Even before being a philologist, Nietzsche would admonish that the will cannot happen itself but as a breach with the established meanings that circulate History. Fortunately, Nietzsche would never stop to offer a reversed testimony in the history of his philosophical experience: since his early youth he would expose his humanity before the irruption of a significant center of which movement discovered the spiral of every search for meaning, and of which preponderance exuded a corporal vitality that is hardly affordable.
“Everything moves in giant circles, revolving around each other while they become, the man is one of the inner circles.”
Nietzsche considered that to think the world through the event was not but doing its abstraction from the inner circle to the other outer circles. So, once that he experienced the freedom of his spirit, Nietzsche revealed us that the thought of the world cannot but depart from an event whose vortex can be abstracted while we think our human interiority: however, he also notes that this abstraction does not result but by a fracture with the surrounding significance of the world: a fracture in which the oscillations of a liberated will irrupt and break with the inertia of a foregoing historical linearity: a linearity which sense prevents itself to furrow its own vitality. Thus, we can think that young Nietzsche’s early intuition allowed him to glimpse a sense unlinked by the freedom already happened in his spirit, which is to say that it allowed him to glimpse the fact that the event that opens the thought of the world, was not but an active concretion of the fatum. In the same movement, young Nietzsche’s intuition made him discern that the very will which extrapolated his own historical determination, was nothing more than the recourse of a free will who reacted and was opposed to the sense of its own inertia, to the sense of his own individual fatum.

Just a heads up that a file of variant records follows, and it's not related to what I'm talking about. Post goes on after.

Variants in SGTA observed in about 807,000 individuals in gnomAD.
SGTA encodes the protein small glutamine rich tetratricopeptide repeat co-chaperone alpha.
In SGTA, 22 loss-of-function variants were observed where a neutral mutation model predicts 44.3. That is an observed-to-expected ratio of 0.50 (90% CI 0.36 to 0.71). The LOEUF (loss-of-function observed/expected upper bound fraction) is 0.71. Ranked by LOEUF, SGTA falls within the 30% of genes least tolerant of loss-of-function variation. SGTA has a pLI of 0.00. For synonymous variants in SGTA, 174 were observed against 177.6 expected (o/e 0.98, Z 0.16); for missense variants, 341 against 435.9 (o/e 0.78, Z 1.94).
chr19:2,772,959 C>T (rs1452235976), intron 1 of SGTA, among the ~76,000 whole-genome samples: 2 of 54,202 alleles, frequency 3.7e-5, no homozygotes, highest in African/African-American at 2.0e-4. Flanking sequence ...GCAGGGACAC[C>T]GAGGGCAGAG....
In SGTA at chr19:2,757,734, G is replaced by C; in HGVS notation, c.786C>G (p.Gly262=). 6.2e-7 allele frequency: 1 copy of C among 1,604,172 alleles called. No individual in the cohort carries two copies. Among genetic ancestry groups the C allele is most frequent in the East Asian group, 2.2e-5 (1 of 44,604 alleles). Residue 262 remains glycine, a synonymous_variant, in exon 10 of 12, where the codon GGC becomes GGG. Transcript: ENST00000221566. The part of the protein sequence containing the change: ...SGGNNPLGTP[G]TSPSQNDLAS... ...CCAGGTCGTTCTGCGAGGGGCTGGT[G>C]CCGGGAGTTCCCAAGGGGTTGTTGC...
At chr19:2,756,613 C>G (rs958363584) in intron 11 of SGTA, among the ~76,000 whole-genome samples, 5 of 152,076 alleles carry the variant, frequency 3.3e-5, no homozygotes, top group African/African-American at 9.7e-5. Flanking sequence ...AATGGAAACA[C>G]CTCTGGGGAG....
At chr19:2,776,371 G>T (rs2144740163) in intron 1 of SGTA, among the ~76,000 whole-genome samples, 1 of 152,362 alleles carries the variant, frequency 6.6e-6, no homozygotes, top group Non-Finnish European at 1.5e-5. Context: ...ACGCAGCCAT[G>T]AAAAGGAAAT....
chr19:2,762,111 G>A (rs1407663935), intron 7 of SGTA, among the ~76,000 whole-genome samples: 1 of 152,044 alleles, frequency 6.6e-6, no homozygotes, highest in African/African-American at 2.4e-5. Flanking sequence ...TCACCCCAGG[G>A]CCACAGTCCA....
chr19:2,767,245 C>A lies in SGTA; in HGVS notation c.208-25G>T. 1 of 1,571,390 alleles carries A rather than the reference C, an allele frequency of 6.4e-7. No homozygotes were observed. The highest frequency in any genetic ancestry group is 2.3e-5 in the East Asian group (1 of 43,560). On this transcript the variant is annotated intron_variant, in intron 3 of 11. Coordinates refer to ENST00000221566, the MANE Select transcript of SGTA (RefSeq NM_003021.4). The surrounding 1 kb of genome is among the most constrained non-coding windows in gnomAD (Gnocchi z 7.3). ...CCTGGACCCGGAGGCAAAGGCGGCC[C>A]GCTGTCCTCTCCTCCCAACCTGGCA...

“To the extent that the fatum appears to the man in the mirror of his own personality, free will and personal fatum are two opponents of equal value”.
Not surprisingly, as we follow the aperture that young Nietzsche knew so to experiment his own happened liberty, we can discern the struggle that his word would engage against the metaphysical ideal that overthrew his life. Thus, to think the world through the event is to live professing the very existential proof of a non-linearity that emerges as a downfall of the significance surrounding the world: a gap that cuts the inertia of that historical linearity, and that overwhelms the shadow of a frank personality whose occlusion is also confronted with a reflection already predestined by the scope of its abstraction. For young Nietzsche everything would start too soon. Years later, her sister would run to charge him with his mother: appalled, Elizabeth would accuse him of being him, his darling little brother, the young Nietzsche: the one who broke the glass of History with the projected stone of his existence.